As is apparent from the foregoing, there is a need for a mechanical grape harvesting machine which is usable for any standard trellis-trained grape system, which is operable at commercially acceptable ground speeds, which has a high harvesting efficiency, which has low leaf removal and which causes minimal damage to the vine growth, trunks and trellis parts.
The present invention is directed towards overcoming one or more of the problems and filling the need set forth above.
In the main aspect of the present invention, relatively rigid shaker members and relatively resilient striker rods are moved together down a row of trellis-trained grape vines, with the shaker members being used to engage and shake the vine trunks and the striker member being used to strike against the vine growth trained along the trellis wire. The cooperation of the shaker members and striker rods in the removal of fruit enables them to be operated at considerably reduced rates of movement so that leaf removal, vine growth damage, trunk damage and trellis post breakage is substantially reduced.
Other aspects of the invention will become apparent in the course of the following detailed description.
In the drawings, forming a part of this application and in which like parts are designated by like reference numerals throughout the same,
FIG. 1 is a rear elevational view of a harvesting machine constructed in accordance with the present invention;
FIG. 2 is an elevational view of one of the picking heads of the harvesting machine, as seen from line 2--2 of FIG. 1;
FIG. 3 is a top plan view of the picking head of FIG. 2, with portions broken away;
FIG. 4 is a sectional view of the picking head of FIG. 2, taken on line 4--4 thereof;
FIG. 5 is an elevational view, similar to FIG. 2 showing a picking head with a modified embodiment of the invention;
FIG. 6 is an end elevational view of the picking head of FIG. 5.
Referring now to the drawings, wherein are disclosed preferred embodiments of the invention, FIG. 1 illustrates a mechanical grape harvester 10 having a wheeled frame 11 adapted to straddle and move along a row of trellis-supported grape vines 12, with the longitudinal centerline of the harvester generally centered on the row. As is conventional, trellis posts 13 are spaced apart in a row, with a horizontal trellis wire 14 secured to the posts and extending along the length of the row. Typically the vines will be planted at each post, the vines having a generally vertical trunk 17 and cordons (or canes) 17 trained along the trellis wire in both directions from the trunk so that the vine growth and grapes 18 thereon will have the trellis wire centrally thereof.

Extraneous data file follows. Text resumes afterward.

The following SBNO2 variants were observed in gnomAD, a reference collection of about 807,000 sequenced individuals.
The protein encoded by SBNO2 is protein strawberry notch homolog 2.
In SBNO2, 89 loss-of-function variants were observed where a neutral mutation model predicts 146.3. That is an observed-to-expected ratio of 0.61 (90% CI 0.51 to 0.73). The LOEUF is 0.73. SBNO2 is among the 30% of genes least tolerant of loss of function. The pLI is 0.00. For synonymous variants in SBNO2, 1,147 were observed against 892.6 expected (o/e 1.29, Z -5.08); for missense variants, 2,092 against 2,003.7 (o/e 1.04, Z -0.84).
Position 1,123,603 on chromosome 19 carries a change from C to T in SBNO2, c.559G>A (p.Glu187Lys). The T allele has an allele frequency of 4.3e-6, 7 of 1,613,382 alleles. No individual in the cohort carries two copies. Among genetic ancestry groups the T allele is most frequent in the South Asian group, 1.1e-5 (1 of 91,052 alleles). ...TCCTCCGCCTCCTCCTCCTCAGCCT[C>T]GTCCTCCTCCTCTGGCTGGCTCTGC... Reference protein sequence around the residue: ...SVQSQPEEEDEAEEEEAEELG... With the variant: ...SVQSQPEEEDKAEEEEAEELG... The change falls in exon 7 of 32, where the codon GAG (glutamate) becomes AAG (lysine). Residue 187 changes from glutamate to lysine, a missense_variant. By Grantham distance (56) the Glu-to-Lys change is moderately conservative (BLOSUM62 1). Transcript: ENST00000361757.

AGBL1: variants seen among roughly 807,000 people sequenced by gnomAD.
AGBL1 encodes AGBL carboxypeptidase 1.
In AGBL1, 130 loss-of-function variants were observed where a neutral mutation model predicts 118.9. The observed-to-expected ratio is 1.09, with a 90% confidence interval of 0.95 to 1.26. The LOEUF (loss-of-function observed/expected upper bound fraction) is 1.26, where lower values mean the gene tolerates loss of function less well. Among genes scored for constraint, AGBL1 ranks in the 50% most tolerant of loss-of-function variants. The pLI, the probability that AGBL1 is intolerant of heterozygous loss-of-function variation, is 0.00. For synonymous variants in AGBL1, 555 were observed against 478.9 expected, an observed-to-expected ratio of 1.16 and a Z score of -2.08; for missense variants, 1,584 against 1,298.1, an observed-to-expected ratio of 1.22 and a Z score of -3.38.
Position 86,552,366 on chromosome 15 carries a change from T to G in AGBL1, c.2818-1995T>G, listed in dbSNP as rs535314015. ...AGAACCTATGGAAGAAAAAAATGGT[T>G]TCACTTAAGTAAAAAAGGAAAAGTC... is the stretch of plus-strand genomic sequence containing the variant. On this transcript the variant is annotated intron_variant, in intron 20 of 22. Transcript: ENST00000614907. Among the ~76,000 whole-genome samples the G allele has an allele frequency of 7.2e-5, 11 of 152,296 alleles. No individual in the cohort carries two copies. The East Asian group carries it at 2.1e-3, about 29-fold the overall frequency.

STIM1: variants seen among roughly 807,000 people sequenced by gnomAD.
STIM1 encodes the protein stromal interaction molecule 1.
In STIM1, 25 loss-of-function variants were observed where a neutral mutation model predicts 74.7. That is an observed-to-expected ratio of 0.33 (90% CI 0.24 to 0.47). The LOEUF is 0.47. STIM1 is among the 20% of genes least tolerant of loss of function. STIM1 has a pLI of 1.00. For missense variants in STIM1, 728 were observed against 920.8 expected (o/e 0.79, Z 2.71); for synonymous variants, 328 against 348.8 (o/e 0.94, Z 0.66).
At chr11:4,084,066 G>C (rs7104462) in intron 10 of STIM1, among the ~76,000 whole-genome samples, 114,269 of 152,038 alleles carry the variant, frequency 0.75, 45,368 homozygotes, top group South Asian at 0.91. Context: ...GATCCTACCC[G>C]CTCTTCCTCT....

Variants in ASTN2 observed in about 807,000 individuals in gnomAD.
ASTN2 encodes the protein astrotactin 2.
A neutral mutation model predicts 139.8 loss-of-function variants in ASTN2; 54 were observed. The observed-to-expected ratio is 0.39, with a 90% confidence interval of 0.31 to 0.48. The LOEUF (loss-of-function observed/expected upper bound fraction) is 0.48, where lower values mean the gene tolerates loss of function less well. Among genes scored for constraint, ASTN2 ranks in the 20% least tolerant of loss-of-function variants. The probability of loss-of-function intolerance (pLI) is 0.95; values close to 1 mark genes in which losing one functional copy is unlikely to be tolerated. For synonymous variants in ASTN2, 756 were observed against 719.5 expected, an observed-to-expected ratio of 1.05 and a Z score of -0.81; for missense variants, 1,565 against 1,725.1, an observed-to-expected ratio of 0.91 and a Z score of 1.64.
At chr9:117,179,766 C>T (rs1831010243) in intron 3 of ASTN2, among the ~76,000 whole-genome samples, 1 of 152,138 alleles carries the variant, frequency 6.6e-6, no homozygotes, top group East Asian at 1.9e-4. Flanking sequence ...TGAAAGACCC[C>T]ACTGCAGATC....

As is conventional, the harvester 10 has fruit catchers 21,21a and conveyors 22,22a suspended from the frame 11 to catch the harvested fruit and convey it to suitable fruit collection apparatus (not shown).
The improvement of the present invention resides in the picking heads 23 and 23a which are carried by frame 11. Since the two picking heads 23 and 23a are mirror images of each other, only picking head 23 is shown and described herein in detail, it being understood that the description of the elements of picking head 23 will apply equally to the corresponding elements (having the same reference numeral applied thereto but with the subscript "a") of picking head 23a.
As best seen in FIGS. 1 and 2, picking head 23 has a generally box-shaped subframe 24 pivotally supported at its upper end, as by pins 26 and 27 to brackets 28 and 29 which are fixed to the main wheeled frame 11.
Picking head 23 includes a relatively rigid shaker member 31, preferably an elongaged and horizontal ski, disposed parallel to the longitudinal centerline of the machine, the ski 31 being supported on the subframe 24 by a four bar linkage so that the ski can swing back and forth towards and away from the longitudinal centerline of the harvester. As illustrated, the ski 31 has horizontal support arms 32 and 33 secured thereto and extending outwardly therefrom. Links 34 and 35 are pivotally connected at 36 and 37, respectively, to support arms 32 and link 34 is pivotally connected at 38 to subframe 24. Link 35 is keyed to horizontal shaft 39 which is rotatably journaled in bearings 41. Links 42 and 43 are similarly disposed at the other end of subframe 24 and connected to support arm 33, with link 43 being also keyed to shaft 39.
Shaft 39 is oscillated about its longitudinal axis by operation of a hydraulic motor 46 which is connected by chain 47 to drive shaft 48 for rotation of eccentric 49. Connecting rod 51, connected at its upper end to eccentric 49 at a point 52 thereon offset from the axis of shaft 48 and connected at its lower end to crank arm 53 keyed to shaft 39 will thus oscillate shaft 39 through a fixed arc and move the shaker ski 31 through a fixed stroke towards and away from the longitudinal centerline of the harvester for each revolution of the motor-driven shaft 48. Preferably the distance from the axis of shaft 39 to the connection of connecting rod 51 to crank arm 53 can be changed so that the stroke of the shaker ski 31 can be varied.